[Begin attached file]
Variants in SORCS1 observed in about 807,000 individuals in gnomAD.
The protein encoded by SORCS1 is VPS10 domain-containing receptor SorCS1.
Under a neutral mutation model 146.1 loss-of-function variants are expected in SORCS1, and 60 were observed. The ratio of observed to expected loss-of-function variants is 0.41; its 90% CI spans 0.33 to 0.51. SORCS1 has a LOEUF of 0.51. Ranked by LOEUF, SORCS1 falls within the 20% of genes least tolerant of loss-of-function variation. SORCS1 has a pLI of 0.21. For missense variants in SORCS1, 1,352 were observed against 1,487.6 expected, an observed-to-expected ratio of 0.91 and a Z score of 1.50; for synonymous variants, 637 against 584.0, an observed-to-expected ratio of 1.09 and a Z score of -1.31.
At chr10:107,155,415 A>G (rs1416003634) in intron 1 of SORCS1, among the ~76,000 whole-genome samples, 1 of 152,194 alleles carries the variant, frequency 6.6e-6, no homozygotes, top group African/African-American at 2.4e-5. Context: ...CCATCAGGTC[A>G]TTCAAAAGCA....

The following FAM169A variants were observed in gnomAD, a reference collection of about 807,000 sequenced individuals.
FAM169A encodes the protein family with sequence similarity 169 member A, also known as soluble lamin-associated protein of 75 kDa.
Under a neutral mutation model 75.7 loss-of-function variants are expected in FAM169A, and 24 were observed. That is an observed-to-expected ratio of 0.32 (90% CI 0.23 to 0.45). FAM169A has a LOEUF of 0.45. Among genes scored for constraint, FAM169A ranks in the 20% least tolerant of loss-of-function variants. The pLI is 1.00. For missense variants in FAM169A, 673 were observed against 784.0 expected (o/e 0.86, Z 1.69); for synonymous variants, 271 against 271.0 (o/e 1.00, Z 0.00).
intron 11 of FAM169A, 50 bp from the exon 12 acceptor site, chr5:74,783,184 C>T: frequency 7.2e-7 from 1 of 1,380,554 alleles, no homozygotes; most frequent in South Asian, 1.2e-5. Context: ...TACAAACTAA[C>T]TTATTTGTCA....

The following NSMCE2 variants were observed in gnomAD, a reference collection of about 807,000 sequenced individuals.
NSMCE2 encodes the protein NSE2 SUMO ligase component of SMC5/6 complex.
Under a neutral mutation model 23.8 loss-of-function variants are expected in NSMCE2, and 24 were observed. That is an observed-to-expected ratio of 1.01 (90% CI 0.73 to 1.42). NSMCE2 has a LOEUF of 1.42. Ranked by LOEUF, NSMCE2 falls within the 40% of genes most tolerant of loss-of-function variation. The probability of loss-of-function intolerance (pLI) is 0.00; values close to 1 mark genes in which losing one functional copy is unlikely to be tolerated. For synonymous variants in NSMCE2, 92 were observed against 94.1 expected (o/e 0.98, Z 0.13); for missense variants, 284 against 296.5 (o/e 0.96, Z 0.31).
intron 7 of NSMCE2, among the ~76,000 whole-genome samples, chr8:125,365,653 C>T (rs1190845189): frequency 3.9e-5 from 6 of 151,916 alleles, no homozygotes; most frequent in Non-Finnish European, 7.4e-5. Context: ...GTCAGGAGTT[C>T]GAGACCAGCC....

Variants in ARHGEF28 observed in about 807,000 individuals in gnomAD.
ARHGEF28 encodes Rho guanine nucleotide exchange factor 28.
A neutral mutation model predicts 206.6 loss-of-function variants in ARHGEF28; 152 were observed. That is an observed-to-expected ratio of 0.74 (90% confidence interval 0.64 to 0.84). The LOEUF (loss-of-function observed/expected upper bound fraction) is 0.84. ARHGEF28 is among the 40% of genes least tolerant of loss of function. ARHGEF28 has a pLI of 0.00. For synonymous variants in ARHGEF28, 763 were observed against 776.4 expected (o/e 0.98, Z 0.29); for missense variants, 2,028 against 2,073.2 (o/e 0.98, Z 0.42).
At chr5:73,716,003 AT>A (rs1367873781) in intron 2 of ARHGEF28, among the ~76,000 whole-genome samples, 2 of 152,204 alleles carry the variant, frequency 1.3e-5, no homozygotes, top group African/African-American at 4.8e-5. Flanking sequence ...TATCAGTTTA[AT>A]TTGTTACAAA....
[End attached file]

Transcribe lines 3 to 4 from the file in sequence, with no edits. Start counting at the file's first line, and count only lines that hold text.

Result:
Under a neutral mutation model 146.1 loss-of-function variants are expected in SORCS1, and 60 were observed. The ratio of observed to expected loss-of-function variants is 0.41; its 90% CI spans 0.33 to 0.51. SORCS1 has a LOEUF of 0.51. Ranked by LOEUF, SORCS1 falls within the 20% of genes least tolerant of loss-of-function variation. SORCS1 has a pLI of 0.21. For missense variants in SORCS1, 1,352 were observed against 1,487.6 expected, an observed-to-expected ratio of 0.91 and a Z score of 1.50; for synonymous variants, 637 against 584.0, an observed-to-expected ratio of 1.09 and a Z score of -1.31.
At chr10:107,155,415 A>G (rs1416003634) in intron 1 of SORCS1, among the ~76,000 whole-genome samples, 1 of 152,194 alleles carries the variant, frequency 6.6e-6, no homozygotes, top group African/African-American at 2.4e-5. Context: ...CCATCAGGTC[A>G]TTCAAAAGCA....